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Chapter 18. Using Your Network > Sharing Your Own Folders

18.3. Sharing Your Own Folders

The Shared Documents folder is all very well and good, but it's generic. When you feel ready to flex your technical muscles ever so slightly, it's easy enough to "publish" any of your folders or disks for inspection by other people on your network. The trick is to use the Properties dialog box, like so:

  1. Locate the icon of the folder or disk that you want to share.

    Your disk icons, of course, appear when you choose Start→My Computer. You can share any kind of disk—hard drive, floppy, CD-ROM or Zip drive, and so on.

    Sharing an entire disk means that every folder on it, and therefore every file, is available to everyone on the network. If security isn't a big deal at your place (because it's just you and a couple of family members, for example), this feature can be a timesaving convenience that spares you the trouble of sharing every new folder you create.

    On the other hand, people with privacy concerns generally prefer to share individual folders. By sharing only a folder or two, you can keep most of the stuff on your hard drive private, out of view of curious network comrades.

    For that matter, sharing only a folder or two does them a favor, too, by making it easier for them to find files you've made available. This way, they don't have to root through your entire drive looking for the appropriate folder.

  2. Right-click the disk or folder icon; from the shortcut menu, choose Sharing and Security.

    The Sharing tab of the Properties dialog box opens (Figure 18-2). (The shortcut menu includes the Sharing command only if you've set up the computer for networking, as described in the previous chapter. And if you don't see a Sharing and Security command, just choose Properties from the shortcut menu—and then, in the resulting dialog box, click the Sharing tab.)

    Figure 18-2. Here's the Sharing tab for a disk or folder. (The dialog box refers to a "folder" even if it's actually a disk.) You can turn on "Share this folder on the network" only if "Make this folder private" is turned off; after all, if a folder is private, you certainly don't want other network citizens rooting around in it.

    If you're trying to share an entire disk, you now see a warning to the effect that, "sharing the root of a drive is not recommended." Click the link beneath it that says, "If you understand the risk but still want to share the root of the drive, click here" and then proceed with the next step.

  3. Turn on "Share this folder on the network" (see Figure 18-2).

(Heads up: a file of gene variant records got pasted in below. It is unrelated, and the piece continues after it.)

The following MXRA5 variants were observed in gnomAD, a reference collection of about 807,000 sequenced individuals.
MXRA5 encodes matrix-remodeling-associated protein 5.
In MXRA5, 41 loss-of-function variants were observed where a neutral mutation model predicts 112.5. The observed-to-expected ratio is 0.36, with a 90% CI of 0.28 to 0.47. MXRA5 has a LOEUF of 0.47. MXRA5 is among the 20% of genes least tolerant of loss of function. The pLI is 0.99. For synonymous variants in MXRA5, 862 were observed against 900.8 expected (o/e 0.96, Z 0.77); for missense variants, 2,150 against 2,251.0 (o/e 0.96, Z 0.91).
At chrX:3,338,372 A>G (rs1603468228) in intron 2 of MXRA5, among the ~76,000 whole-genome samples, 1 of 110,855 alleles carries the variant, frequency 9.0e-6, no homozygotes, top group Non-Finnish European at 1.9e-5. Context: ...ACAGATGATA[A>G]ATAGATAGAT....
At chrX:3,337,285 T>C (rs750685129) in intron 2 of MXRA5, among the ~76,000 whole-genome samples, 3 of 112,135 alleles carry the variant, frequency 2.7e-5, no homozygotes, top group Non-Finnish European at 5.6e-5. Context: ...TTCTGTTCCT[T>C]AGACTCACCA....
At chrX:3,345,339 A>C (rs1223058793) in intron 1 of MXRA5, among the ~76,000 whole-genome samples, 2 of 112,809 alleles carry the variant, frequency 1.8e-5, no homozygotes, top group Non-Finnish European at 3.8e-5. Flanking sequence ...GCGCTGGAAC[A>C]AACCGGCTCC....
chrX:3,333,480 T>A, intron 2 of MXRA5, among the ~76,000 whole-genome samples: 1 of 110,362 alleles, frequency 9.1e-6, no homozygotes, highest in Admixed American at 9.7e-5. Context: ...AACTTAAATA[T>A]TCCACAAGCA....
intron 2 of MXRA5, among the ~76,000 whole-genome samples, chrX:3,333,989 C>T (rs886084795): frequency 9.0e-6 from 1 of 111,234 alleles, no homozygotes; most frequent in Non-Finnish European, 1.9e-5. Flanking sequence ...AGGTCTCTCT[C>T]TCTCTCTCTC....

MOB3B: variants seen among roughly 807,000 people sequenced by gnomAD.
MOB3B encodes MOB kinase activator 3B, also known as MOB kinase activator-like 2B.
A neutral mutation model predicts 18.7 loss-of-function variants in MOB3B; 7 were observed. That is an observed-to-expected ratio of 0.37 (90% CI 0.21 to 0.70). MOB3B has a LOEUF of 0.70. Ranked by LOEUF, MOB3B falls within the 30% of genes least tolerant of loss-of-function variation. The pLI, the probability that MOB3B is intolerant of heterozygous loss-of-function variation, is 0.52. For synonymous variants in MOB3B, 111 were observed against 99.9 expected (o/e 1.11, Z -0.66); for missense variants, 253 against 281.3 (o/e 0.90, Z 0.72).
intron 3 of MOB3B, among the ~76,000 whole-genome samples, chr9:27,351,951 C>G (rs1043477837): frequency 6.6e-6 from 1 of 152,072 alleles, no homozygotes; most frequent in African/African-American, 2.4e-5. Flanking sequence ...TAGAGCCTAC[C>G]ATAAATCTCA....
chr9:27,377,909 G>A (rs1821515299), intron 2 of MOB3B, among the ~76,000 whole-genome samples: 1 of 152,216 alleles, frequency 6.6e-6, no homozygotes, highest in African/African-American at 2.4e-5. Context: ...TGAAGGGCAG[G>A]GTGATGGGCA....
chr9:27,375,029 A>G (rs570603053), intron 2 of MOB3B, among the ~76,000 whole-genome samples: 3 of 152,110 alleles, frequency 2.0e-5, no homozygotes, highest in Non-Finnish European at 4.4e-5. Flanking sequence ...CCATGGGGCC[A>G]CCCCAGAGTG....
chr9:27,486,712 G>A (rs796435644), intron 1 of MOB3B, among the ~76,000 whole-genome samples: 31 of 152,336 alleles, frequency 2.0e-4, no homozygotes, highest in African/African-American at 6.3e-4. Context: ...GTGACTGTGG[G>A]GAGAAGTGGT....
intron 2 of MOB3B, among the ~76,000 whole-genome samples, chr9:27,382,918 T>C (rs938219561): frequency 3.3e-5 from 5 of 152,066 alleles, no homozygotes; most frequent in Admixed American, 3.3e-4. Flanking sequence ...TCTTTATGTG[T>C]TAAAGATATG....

The other options in the dialog box spring to life.

  4. Type a name for the shared disk or folder.

    This is the name other people will see when they open their My Network Places windows.

    Make this name as helpful as possible. For example, you may want to name the kitchen computer's hard drive Kitchen Documents Drive.


    If any of the other PCs on your network aren't running Windows XP, the shared folder's name can't be longer than twelve characters, and most punctuation is forbidden. You can type it here, all right, but—as a warning message will tell you—the other machines won't be able to see the shared disk or folder over the network.

  5. Turn off "Allow network users to change my files," if you like.

    If the "Allow network users to change my files" checkbox is turned off, you create a "look, don't touch" policy. Other people on the network can open and read what's inside this disk or folder, but won't be able to save changes, rename anything, delete anything, or deposit any new files.

    Otherwise, your co-workers can theoretically run wild, trashing your files, renaming things at random, and painting a mustache onto your face in the JPEG family photo.


    Turning off the "Allow network users to change my files" checkbox isn't much of a security safeguard. True, other people on the network won't be able to change what's in your folder—but there's nothing to stop them from copying stuff out of it. Once they've saved copies of your files on their own hard drives, they can do with them whatever they like. They just can't copy the changed files back into your shared folder or disk.

    In other words, if you don't want people to see or distribute what's in your folders, turn off the sharing feature.

  6. Click OK.

    As shown in Figure 18-3 and 18-4, the icon changes for the resource you just shared. It's also gained a new nickname: you may hear shared folders geekily referred to as shares.

    Figure 18-3. When you share a folder or a disk, a tiny hand cradles its icon from beneath—a dead giveaway that you've made it available to other people on the network.

    Figure 18-4. Shared disks and folders automatically show up in the My Network Places window—including shared disks and folders on your own PC, which can be a bit confusing. Here, the network-wire logo replaces the usual sharing-hand icon.



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